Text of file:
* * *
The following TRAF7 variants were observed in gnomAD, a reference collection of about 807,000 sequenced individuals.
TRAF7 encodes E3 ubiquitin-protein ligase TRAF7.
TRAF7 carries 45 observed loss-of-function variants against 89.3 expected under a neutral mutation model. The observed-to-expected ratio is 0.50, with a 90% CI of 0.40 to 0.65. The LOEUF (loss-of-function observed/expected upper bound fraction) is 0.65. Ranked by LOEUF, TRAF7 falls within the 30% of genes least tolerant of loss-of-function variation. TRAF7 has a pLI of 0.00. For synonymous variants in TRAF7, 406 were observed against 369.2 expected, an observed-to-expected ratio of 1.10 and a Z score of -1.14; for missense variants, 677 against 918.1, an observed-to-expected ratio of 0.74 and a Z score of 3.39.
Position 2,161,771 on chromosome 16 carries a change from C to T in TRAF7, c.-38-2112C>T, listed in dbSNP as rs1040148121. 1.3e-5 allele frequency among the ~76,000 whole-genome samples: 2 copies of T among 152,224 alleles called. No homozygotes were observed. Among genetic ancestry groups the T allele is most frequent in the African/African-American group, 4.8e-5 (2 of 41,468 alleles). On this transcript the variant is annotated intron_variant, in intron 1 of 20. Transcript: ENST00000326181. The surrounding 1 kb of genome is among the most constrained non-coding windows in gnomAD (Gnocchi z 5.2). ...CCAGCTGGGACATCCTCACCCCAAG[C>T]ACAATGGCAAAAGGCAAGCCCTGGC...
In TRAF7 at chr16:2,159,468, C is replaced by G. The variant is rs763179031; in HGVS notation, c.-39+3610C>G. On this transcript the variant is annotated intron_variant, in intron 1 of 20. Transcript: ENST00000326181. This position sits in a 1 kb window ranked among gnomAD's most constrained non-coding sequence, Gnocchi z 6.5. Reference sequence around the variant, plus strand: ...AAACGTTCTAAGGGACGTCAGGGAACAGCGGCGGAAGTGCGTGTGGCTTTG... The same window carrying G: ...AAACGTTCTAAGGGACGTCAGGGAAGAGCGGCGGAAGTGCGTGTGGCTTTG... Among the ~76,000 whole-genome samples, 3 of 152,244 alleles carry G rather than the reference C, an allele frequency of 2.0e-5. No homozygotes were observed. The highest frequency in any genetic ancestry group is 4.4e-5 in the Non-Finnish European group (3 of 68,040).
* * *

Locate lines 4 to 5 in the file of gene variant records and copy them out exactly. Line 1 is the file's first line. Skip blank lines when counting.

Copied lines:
Position 2,161,771 on chromosome 16 carries a change from C to T in TRAF7, c.-38-2112C>T, listed in dbSNP as rs1040148121. 1.3e-5 allele frequency among the ~76,000 whole-genome samples: 2 copies of T among 152,224 alleles called. No homozygotes were observed. Among genetic ancestry groups the T allele is most frequent in the African/African-American group, 4.8e-5 (2 of 41,468 alleles). On this transcript the variant is annotated intron_variant, in intron 1 of 20. Transcript: ENST00000326181. The surrounding 1 kb of genome is among the most constrained non-coding windows in gnomAD (Gnocchi z 5.2). ...CCAGCTGGGACATCCTCACCCCAAG[C>T]ACAATGGCAAAAGGCAAGCCCTGGC...
In TRAF7 at chr16:2,159,468, C is replaced by G. The variant is rs763179031; in HGVS notation, c.-39+3610C>G. On this transcript the variant is annotated intron_variant, in intron 1 of 20. Transcript: ENST00000326181. This position sits in a 1 kb window ranked among gnomAD's most constrained non-coding sequence, Gnocchi z 6.5. Reference sequence around the variant, plus strand: ...AAACGTTCTAAGGGACGTCAGGGAACAGCGGCGGAAGTGCGTGTGGCTTTG... The same window carrying G: ...AAACGTTCTAAGGGACGTCAGGGAAGAGCGGCGGAAGTGCGTGTGGCTTTG... Among the ~76,000 whole-genome samples, 3 of 152,244 alleles carry G rather than the reference C, an allele frequency of 2.0e-5. No homozygotes were observed. The highest frequency in any genetic ancestry group is 4.4e-5 in the Non-Finnish European group (3 of 68,040).